Sikh gurus

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Guru Nanak with the Other Nine Gurus, Bhai Puran Singh

The Sikh gurus, referred to as the strong and powerful, are credited with establishing Sikhism, which started as a minor religion, but developed into a prominent religion over centuries.

Guru Nanak was the first of the recognized Sikh gurus. There were ten recognized living gurus in the Nanak line. All the Sikh gurus were born into the Khatri caste.[1][2][3] Modern Sikhism believes the Adi Granth or Granth Sahib, the writings of the gurus, to now be the guru. This belief has been integrated alongside the writings of Sikh gurus, and is now called Guru Granth Sahib. Modern Sikhism says that the Tenth Guru Guru Gobind Singh bestowed the guruship forever to the Guru Granth Sahib.

The Gurus[4][edit]

Family tree of Sikh Gurus

See also[edit]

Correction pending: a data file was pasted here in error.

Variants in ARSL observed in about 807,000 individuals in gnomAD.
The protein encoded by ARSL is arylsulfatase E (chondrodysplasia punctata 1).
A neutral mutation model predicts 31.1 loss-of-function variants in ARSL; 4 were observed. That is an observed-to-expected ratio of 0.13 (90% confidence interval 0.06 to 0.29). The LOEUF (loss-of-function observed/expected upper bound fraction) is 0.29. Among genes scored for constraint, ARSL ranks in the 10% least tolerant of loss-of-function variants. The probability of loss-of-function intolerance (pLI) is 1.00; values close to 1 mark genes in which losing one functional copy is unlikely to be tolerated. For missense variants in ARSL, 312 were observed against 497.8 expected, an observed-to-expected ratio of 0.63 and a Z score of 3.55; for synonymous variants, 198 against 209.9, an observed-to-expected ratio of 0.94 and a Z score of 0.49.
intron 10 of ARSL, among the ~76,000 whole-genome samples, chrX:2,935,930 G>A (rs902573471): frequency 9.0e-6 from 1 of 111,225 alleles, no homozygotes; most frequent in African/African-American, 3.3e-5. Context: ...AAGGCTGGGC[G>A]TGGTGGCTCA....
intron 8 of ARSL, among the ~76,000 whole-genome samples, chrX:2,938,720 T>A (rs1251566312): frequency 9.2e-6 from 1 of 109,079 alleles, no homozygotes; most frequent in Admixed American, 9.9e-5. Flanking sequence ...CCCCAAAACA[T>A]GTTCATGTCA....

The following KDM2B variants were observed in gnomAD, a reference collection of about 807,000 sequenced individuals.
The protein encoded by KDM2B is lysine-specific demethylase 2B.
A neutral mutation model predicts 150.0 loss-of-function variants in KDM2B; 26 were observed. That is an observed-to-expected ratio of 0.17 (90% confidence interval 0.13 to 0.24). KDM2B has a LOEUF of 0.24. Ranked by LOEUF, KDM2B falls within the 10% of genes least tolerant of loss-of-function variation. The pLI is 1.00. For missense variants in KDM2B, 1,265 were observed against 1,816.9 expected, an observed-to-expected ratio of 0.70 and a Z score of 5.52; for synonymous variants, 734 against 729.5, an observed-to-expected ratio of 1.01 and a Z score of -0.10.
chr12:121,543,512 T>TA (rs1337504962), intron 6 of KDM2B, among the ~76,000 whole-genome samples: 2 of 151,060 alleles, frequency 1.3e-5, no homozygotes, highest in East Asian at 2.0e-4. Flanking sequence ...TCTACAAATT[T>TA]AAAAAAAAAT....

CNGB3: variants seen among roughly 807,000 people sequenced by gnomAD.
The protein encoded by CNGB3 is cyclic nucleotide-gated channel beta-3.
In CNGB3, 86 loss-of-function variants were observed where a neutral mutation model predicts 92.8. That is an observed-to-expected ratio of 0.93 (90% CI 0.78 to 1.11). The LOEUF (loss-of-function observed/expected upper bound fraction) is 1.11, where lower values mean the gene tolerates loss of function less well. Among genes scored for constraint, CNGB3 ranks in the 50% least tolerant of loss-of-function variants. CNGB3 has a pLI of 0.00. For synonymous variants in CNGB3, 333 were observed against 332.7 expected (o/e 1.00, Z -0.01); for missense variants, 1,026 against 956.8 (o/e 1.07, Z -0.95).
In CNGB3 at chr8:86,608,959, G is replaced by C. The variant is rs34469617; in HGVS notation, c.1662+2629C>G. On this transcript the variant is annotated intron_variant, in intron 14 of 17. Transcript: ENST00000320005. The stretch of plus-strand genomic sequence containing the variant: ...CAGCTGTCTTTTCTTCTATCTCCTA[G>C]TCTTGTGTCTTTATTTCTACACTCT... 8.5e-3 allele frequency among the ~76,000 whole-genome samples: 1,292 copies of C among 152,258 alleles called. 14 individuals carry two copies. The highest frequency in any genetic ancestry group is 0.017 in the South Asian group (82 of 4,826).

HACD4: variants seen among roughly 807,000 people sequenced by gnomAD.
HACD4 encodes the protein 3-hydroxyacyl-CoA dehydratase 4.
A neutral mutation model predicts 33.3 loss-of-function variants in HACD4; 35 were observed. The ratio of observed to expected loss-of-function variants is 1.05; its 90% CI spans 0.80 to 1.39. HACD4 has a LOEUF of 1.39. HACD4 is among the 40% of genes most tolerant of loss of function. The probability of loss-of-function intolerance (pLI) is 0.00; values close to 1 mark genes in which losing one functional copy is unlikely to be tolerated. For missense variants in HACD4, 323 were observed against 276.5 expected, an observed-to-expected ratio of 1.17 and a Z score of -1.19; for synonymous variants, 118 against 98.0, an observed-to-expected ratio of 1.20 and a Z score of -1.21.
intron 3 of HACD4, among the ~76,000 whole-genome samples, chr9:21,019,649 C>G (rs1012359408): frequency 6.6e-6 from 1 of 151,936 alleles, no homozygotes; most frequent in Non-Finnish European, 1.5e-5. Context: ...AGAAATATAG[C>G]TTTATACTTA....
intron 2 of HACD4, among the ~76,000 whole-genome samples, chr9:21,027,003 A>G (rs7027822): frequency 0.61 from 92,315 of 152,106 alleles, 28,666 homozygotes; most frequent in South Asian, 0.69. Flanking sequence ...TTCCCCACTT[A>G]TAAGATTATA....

References[edit]

  1. ^ Kamala Elizabeth Nayar (2004). The Sikh Diaspora in Vancouver: Three Generations Amid Tradition, Modernity, and Multiculturalism (illustrated ed.). University of Toronto Press. p. 48. ISBN 9780802086310. 
  2. ^ Marty, Martin E.; Appleby, R. Scott, eds. (2004). Fundamentalisms Comprehended (illustrated, reprint ed.). University of Chicago Press. p. 453. ISBN 9780226508887. 
  3. ^ Gabriel A. Almond; R. Scott Appleby; Emmanuel Sivan (2003). Strong Religion: The Rise of Fundamentalisms Around the World (illustrated ed.). University of Chicago Press. p. 157. ISBN 9780226014982. 
  4. ^ Shiromani Gurdwara Prabandhak Committee. "Ten Gurus"

External links[edit]